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Convict Tattoos
This page created 6 Mar 2000
Updated 24 Jan 2002
Julie Gleeson, in her article "Early Colonial Society" published in The European Occupation, ed Tim Gurry, Heinemann, 1987, wrote of urban offenders who were transported, many of whom belonged to
gangs of professional thieves. 
"Many of these were highly organised and actually elected 'captains'.  Members of the fraternity, who were often distinguished by tattoos , met regularly in flash houses
like the 'Brown Bear' (directly opposite the Bow Street Police Office.)

David Kemp has done a study of convict tattoos, and gives on the whole a more romantic explanation for the variety of initials and symbols found amongst the records of those he studied.  A summary of
his findings is found at this website:
Historian probes the story of convicts' tattoos

Below are some tattoo meanings I noted down from the display at the Port Arthur historic site:


Anchor Hope and constancy
Man carrying anchor I carry my hopes with me
Man beside upside down anchor I have lost all hope
Woman holding scales and an anchor I have hope in justice
Anchor and crucifix I have hope in salvation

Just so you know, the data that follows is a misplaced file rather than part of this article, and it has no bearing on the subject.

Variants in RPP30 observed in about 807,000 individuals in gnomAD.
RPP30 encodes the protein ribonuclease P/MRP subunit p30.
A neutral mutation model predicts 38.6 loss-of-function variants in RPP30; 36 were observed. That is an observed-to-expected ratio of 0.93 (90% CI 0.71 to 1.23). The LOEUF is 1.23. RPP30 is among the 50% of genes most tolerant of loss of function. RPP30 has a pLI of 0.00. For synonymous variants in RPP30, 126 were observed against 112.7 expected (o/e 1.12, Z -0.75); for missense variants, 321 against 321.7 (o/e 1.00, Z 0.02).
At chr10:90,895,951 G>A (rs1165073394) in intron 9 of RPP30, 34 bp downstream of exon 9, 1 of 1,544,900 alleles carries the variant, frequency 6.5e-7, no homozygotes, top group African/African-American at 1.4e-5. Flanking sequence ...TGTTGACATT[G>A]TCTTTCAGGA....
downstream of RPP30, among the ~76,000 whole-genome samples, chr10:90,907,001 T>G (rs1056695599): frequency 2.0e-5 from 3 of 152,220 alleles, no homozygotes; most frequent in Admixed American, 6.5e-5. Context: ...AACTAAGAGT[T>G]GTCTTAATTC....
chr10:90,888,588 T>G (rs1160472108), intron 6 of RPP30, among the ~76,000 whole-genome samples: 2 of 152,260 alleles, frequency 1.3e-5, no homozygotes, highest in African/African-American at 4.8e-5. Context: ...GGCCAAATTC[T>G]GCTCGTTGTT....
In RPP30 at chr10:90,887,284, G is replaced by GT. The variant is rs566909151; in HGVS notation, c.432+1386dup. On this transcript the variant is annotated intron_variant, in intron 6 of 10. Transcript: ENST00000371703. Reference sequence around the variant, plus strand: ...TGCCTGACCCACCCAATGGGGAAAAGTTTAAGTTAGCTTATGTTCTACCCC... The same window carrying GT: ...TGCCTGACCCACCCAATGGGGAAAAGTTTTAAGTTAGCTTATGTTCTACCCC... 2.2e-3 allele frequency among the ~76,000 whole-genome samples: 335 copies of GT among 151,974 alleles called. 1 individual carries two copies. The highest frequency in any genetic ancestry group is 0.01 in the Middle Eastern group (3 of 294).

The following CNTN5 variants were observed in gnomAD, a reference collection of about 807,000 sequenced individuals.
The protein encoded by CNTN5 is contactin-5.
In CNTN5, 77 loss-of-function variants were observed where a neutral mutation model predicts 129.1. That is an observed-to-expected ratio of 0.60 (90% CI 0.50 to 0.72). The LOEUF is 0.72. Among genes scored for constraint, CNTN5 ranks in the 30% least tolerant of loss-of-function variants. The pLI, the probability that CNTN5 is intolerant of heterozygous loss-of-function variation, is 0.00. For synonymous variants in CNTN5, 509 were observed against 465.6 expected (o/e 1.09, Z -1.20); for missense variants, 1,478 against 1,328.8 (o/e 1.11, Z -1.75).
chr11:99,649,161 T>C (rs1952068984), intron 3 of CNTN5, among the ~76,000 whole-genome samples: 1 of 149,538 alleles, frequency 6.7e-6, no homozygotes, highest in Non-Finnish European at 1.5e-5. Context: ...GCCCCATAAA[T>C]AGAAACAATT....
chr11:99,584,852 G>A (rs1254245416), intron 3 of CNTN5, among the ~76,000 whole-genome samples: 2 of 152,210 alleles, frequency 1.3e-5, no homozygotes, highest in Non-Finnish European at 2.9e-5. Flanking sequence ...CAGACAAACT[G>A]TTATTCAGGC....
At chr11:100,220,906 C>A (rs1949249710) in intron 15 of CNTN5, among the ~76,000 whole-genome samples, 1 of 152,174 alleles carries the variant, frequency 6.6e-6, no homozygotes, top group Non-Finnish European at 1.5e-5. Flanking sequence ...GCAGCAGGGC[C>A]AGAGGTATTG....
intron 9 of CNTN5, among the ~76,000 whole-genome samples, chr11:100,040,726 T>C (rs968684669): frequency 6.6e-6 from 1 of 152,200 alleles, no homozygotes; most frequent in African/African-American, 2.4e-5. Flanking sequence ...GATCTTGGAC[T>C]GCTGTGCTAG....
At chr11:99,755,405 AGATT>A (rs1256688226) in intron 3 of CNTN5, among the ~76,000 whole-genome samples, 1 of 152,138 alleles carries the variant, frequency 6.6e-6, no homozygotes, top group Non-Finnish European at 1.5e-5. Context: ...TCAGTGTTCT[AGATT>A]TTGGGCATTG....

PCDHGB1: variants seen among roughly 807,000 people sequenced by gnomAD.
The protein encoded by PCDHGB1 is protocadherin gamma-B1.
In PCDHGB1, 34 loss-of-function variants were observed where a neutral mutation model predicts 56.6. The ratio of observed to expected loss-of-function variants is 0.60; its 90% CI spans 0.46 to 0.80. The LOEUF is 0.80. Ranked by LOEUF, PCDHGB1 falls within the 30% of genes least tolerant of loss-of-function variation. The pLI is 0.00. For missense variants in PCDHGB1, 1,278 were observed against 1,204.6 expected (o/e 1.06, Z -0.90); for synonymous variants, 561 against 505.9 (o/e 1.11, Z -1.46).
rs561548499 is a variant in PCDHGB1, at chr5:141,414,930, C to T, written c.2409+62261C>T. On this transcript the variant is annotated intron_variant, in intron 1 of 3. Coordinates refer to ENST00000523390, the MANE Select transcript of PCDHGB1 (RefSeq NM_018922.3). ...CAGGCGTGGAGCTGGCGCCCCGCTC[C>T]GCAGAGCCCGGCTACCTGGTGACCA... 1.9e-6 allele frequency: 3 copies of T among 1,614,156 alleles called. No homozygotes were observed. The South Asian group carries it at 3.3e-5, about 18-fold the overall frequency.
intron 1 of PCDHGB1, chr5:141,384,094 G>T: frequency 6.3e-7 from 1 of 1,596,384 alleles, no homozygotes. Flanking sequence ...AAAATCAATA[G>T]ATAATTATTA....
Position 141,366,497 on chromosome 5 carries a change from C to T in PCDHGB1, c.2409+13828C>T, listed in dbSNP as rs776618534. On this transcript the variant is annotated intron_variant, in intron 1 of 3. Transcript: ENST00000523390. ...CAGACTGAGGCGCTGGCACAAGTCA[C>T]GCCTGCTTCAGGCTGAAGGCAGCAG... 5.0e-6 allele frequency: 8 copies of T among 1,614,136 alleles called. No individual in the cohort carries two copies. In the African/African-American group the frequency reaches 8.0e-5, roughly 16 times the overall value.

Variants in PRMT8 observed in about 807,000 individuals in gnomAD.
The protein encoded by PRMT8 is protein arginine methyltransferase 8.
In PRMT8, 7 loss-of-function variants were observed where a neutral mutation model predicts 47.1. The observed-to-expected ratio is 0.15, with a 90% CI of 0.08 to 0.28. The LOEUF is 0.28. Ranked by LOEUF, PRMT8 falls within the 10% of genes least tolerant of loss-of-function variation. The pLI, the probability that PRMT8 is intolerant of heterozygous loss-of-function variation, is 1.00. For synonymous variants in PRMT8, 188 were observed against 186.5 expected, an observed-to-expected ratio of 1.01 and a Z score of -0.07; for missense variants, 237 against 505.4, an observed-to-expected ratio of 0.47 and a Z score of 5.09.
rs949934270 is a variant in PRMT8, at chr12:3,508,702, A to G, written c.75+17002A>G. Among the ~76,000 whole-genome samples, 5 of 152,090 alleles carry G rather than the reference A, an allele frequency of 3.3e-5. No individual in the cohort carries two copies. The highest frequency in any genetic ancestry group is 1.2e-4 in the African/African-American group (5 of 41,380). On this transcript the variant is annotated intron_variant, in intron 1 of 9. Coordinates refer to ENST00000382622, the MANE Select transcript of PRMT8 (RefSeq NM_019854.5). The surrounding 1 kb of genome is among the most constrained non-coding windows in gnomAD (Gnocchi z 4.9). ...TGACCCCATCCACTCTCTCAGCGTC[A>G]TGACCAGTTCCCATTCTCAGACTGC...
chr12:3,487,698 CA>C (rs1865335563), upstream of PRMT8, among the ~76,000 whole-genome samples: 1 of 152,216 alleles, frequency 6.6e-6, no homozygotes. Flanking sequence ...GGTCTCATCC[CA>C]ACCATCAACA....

Flowerpot Any suggestions?
Initials represented often the convict himself, initials of loved ones, sweethearts, children.  A ring tattooed on the ring finger might indicate a marriage, though perhaps only a
de facto one.

Chain Letters
Tattoo History   (Some interesting reading here)
Convict Love Tokens
Convicts and Tobacco  (Possibly relevant if your ancestor had "pipe" amongst his tatts)
Thomas Burberry's Farewell Love Token


"Written On The Body: The Tattoo in European and American History". Author: edited by Jane Caplan published by Thames & Hudson. Includes an article by Hamish Maxwell-Stuart,
Research Fellow University of Tasmania, on Religious Tattoos.

Age review of the book

From the Pearly Kings and Queens website  http://www.pearlysociety.co.uk/history.htm